The highlight of my weekends here in Illinois, similar to my weekends in Ukraine, consist of a trip to the market. In Ukraine the market is called a “bazaar” or “rinok” and here we call them “farmers’ markets”, but they’re basically the same idea — fresh local food.
Now that I’m back in Illinois, I feel so lucky to have experienced the magic that is the Ukrainian bazaar as part of my weekly regiment. It taught me what was in-season, when produce peaks, how to eat seasonally, and just how important it is to eat fresh and local. Fortunately for me, I moved from the bread basket of Europe back to the fertile grounds of the Midwest where farmers’ markets sprout weekly in the suburbs.
U.S. farmers’ markets, however wonderful, pale in comparison to Ukrainian bazaars, the bountiful pyramid shaped displays of fresh produce still caked in dirt, with old women shouting prices and professing to you how beautiful her petrushka or morkva looks. They are out selling produce almost every day, in every season — no matter the weather, it’s incredible. In-season produce of Ukraine was CHEAP — fresh, local, and cheap — couldn’t get any better than that!
Local farmers’ markets now seem foreign to me, even though they’re ironically where my local eating education began — between those aisles of white tents with no haggling allowed. But after living in Ukraine it’s all very different. The markets aren’t filled with little old ladies that, hunched back, dug up those carrots herself, but mostly families and farmers that drive down from Michigan or Central/Southern Illinois.
Since my return most farmers’ market visits are spent thinking — everything is so…so…clean. Where’s the dirt? Why are those carrots and beets so small? You’re charging how much for potatoes?!? It has been strange to realize that no public transportation to the market is needed and I don’t have to worry about carrying it all back since we just drive. Most bazaar trips in Ukraine would take up half a day and leave me with sore shoulders wishing that I didn’t eat an apple a day and that potatoes could somehow miraculously be lightweight.
I often forget I can’t order things in Ukrainian or Russian or by the kilogram. I got some pretty weird looks when I tried to order some salad in grams at the Whole Foods deli. I tried to make-up for my honest mistake by switching to ounces and then ultimately admitting I forgot the U.S. doesn’t use metric so “just give me that small plastic container, yea that one”. The workers timidly handed me my container of salad, probably looking for some white remnants around my nose or needle marks, wondering what the hell was wrong with me. I figured it was easier for them to assume whatever they did than explaining (in what I imagine would come out with a cowboy accent) “I’m not from arrrrround heeeeeere!”. Maybe I’d go on to say there’s a snake in my boot and then quickly leave the premises….I wish that’s how it went. But I’m probably just known as that weird “grams girl”. I might go back and try to order in grams again, just to see what they do, maybe even add a little bit of Tyrone Biggums reenactment in too.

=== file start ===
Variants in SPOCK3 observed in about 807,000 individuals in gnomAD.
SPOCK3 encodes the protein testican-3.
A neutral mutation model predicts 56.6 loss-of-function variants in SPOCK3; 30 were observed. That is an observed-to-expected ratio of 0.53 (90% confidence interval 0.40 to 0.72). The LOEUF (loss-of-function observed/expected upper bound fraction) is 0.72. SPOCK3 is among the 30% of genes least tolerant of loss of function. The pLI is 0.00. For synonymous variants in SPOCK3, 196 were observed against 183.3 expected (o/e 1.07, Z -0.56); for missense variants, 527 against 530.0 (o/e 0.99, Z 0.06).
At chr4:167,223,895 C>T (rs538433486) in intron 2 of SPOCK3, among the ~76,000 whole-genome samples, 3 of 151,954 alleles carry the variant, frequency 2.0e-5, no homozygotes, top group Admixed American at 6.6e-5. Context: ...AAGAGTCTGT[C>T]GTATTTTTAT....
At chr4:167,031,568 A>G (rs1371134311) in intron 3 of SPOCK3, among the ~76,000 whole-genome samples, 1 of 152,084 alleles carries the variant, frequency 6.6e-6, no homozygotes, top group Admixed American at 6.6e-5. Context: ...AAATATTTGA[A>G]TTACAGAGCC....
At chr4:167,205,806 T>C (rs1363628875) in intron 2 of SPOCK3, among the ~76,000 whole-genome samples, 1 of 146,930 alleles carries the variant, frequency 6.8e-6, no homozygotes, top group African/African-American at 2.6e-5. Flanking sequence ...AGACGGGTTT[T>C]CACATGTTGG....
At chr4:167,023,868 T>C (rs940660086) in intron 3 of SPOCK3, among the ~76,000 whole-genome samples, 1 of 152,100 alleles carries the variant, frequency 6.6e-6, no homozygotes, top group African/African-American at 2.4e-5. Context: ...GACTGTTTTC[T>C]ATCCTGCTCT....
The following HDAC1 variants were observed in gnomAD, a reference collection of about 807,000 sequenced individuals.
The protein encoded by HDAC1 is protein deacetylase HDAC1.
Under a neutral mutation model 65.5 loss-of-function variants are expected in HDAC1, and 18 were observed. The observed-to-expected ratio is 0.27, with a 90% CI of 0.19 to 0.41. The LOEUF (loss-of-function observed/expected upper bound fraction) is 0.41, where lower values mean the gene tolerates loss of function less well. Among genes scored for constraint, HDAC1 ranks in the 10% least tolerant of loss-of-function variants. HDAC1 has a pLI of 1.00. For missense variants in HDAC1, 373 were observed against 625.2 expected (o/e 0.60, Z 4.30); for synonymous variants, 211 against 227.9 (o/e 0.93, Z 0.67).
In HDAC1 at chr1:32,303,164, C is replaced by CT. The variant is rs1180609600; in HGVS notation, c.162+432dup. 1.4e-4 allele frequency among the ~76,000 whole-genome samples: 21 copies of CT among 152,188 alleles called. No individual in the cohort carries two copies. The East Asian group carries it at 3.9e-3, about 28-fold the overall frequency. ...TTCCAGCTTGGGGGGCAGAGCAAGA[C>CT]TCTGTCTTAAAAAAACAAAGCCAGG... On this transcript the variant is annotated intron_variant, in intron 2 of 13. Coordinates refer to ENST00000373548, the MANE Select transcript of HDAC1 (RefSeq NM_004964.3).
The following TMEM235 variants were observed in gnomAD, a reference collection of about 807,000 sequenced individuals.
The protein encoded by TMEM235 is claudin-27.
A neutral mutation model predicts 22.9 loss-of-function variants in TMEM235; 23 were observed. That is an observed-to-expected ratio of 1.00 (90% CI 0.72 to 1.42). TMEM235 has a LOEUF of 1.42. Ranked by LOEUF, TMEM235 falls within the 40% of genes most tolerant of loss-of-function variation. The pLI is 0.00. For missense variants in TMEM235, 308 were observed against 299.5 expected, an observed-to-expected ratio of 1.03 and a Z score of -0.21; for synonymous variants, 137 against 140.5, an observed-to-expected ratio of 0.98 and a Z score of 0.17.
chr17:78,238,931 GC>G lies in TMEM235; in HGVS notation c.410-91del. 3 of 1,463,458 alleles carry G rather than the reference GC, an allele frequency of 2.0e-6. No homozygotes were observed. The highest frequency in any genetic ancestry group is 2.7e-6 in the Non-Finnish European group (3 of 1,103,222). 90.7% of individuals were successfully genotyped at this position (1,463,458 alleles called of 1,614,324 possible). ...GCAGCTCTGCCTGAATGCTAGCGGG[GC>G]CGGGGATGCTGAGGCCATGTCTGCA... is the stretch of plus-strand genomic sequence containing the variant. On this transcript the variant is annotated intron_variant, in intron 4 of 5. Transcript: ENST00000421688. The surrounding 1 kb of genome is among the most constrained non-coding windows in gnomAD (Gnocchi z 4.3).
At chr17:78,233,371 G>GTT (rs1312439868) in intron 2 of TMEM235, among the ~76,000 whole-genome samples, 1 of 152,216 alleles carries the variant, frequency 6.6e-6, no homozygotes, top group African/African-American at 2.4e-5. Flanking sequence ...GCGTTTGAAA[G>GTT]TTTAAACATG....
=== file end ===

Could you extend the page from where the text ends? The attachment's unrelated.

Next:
Anyways, enough of terrorizing the Whole Foods deli workers. In a few weeks I’ll be moving to Iowa City to begin my MFA in Book Arts at the University of Iowa. My mom and I made our first trip (ever!) out to the campus and moved some things into my apartment (aka spent hours assembling Ikea furniture). It was so nice to see where I’ll be spending the next three years of my life….which is super weird to think…three years, in once place!
Prior to making my campus visit, everyone I met told me I’d just love Iowa City. And they were right, well what I saw of it I did love — loads of trees and grass, historic homes with wrap around porches, ridiculously friendly people, bike paths galore, and a river running through it. To my surprise it’s much hillier than I expected (with a HUGE hill right by my apartment, yeeea that’ll be fun to bike and run). My apartment is a lovely old building with hardwood floors (a dream come true!), a shower with hot water, a toilet that’s attached to the floor, and no (apparent) holes in the walls for slugs and toads. I really have such high living standards now. But really, it’s a cute place and gets tons of light, unlike my current abode, which means (drumroll please) — the perfect set up for food photography!!! Yes, this is how my brain works.
My future flatmate and fellow Illinoisian (whom I found via Craigslist while I was in Ukraine), informed me of the best news ever — Iowa City has farmers’ markets, two times a week. TWO TIMES! Now my weekend highlight can also be my mid-week highlight and I can keep on eatin’ fresh and reliving my bazaar moments (not bizarre moments, though I have plenty of those too).
I will most likely forever miss the bazaars of Ukraine, but I am still thankful for any amount of fresh local eating I can be a part of, thanks Iowa City! I have a feeling we’ll become good friends.